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The Best Comic Book Adaptation Of 2022 - Looper Staff Picks

What a year it's been for comic book adaptations on the big and small screen. 2022 delivered some of the best (and worst) comic book stories that we'll be talking about for quite some time. Thankfully, we're not here to harp on those terrible adaptations to give Dwyane Johnson's ego a break but instead will highlight the best of the year.

Nine Looper writers came together to discuss the best comic book adaptations of 2022. They are sharing their uncensored thoughts on which reigns supreme, selecting projects that made it into theaters and those that were exclusive to streaming services. You'll find a mix of movies, television series, and special presentations on the list, which may or may not contain some dark horses that'll have you yelling at your screens. Somebody (cough, Nina Starner) might have chosen one of the worst comic book adaptations we've ever seen, but hey, to each their own.

Caitlin Albers - The Batman

"The Batman" was the best superhero thing we got in 2022 — period. Not only did Robert Pattinson knock it out of the part, but the supporting stars were so stellar in their roles that they often stole the show. The great thing about this film was how it honored the source material because we really haven't seen a Batman movie where Bruce Wayne really taps into the detective side of himself that's so often depicted in the comics. Is it maybe 20 minutes too long? Yeah, probably, but those extra 20 minutes don't really drag; you just think the movie's over, and then you realize it isn't.

We needed this movie so badly in 2022. In a time when the DCEU was crumbling, and the fandom was more divided than ever, "The Batman" brought us back to life. Yes, it's not a part of the DCEU, but DC fans needed a stellar adaptation on the big screen to boost their serotonin. Matt Reeves rarely misses, and his commitment and passion for Batman really came through, and doing it in a dark way was the right choice. Enough with the comedy in these effing superhero movies.

When it comes to superhero films in 2022 that were widely released, "The Batman" was the best of the bunch, and there's no comparison. And before you come at me and start shouting about "Black Panther: Wakanda Forever," that movie was C-level at best and doesn't hold a candle to what Pattinson, Colin Farrell, John Turturro, and Zoe Kravitz gave us.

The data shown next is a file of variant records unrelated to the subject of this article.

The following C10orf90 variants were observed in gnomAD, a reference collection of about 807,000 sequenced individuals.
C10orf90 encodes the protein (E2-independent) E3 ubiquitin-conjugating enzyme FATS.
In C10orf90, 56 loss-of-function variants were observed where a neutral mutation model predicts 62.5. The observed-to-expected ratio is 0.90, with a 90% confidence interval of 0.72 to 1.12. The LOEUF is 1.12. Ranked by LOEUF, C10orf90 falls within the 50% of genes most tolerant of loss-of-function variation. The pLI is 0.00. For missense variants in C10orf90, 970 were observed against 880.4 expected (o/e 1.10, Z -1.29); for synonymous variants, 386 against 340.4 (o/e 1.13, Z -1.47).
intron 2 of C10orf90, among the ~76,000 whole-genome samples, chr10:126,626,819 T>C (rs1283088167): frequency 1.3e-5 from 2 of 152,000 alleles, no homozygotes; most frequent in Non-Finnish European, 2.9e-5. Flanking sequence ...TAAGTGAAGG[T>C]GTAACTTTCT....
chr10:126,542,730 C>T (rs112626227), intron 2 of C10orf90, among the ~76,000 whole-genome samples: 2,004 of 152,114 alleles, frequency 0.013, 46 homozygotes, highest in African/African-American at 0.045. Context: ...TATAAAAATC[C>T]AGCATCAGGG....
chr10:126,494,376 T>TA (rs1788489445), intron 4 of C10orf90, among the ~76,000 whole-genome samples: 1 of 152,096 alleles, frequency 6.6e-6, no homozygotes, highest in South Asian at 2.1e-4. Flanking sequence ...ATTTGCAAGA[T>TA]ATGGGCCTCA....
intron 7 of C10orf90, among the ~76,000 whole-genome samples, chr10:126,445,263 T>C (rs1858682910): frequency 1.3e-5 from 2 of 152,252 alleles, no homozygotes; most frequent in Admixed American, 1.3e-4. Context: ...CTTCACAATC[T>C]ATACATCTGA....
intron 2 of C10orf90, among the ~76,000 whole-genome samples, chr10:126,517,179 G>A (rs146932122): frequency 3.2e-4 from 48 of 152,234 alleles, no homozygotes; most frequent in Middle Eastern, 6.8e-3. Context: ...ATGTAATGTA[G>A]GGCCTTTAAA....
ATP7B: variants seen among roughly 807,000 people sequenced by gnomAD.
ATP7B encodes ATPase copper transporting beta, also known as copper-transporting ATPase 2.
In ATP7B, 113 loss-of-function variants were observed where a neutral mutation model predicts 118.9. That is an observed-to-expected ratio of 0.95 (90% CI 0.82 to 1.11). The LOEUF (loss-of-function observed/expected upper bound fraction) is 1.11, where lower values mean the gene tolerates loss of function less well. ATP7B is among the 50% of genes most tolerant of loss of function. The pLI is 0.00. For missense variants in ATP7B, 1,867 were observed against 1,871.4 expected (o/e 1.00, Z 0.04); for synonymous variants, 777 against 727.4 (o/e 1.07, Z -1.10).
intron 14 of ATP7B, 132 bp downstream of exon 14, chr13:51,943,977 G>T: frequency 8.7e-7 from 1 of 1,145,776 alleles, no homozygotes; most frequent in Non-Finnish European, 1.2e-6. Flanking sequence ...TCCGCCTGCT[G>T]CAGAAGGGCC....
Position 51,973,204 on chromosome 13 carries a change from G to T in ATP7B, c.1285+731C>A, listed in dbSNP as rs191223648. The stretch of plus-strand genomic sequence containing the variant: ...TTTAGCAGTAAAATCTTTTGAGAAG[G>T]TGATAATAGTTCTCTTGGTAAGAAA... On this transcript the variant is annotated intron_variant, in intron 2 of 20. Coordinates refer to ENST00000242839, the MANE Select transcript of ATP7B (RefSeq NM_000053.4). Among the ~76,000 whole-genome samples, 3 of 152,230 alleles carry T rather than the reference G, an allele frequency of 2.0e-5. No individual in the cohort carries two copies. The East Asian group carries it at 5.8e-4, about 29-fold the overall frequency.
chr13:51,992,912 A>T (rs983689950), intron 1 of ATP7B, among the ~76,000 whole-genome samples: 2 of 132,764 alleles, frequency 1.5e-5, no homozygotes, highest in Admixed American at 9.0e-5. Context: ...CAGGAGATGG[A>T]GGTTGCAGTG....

Nina Starner - She-Hulk

It's me, hi, I'm the problem, it's me — I'm the lady writer out here on Al Gore's internet picking "She-Hulk" as my favorite comic book adaptation of 2022. Please allow me to explain, and also understand that we all had to pick different stuff for these lists.

I am acutely aware that "She-Hulk" got a lot of hate; I usually like to watch video essays about shows once I finish them, and the amount of negative titles regarding "She-Hulk" was... overwhelming. In fact, spotting those before I even sat down to watch the show didn't exactly prepare me to like it, but like it I sure did. Tatiana Maslany proved, in "Orphan Black," that she could act alongside the best of them, but I wasn't completely prepared for how funny she'd turn out to be in this superhero origin story turned workplace drama turned commentary on The Internet, Kind Of. Sure, there were problems — perhaps the biggest and dumbest one being that a guy would be interested in a big green lady but not famously beautiful human Tatiana Maslany — but with that said, I'm a simple woman. Give me a Megan Thee Stallion cameo, some time with Charlie Cox's Daredevil, and a fourth-wall break, and I'm happy.

You know what? Let's talk about that fourth-wall break, which was definitely controversial but also marked the moment where I went, "yeah, I like this show a lot." I loved that the show tricked me into thinking my famously touchy TV had finally just given up; I loved Jennifer pointing out that the climactic fight was totally irrelevant; I loved the K.E.V.I.N. machine. I loved it! Sue me! I'll just ask Jennifer Walters to represent me in court!

Kieran Fisher - Werewolf by Night

Disney+ and Marvel Studios released "Werewolf by Night" as a special presentation, meaning that it exists within the wider MCU but isn't beholden to it. This was a good move on the studio's part, as it allows the special to be its own entity without having to worry about progressing any other storylines.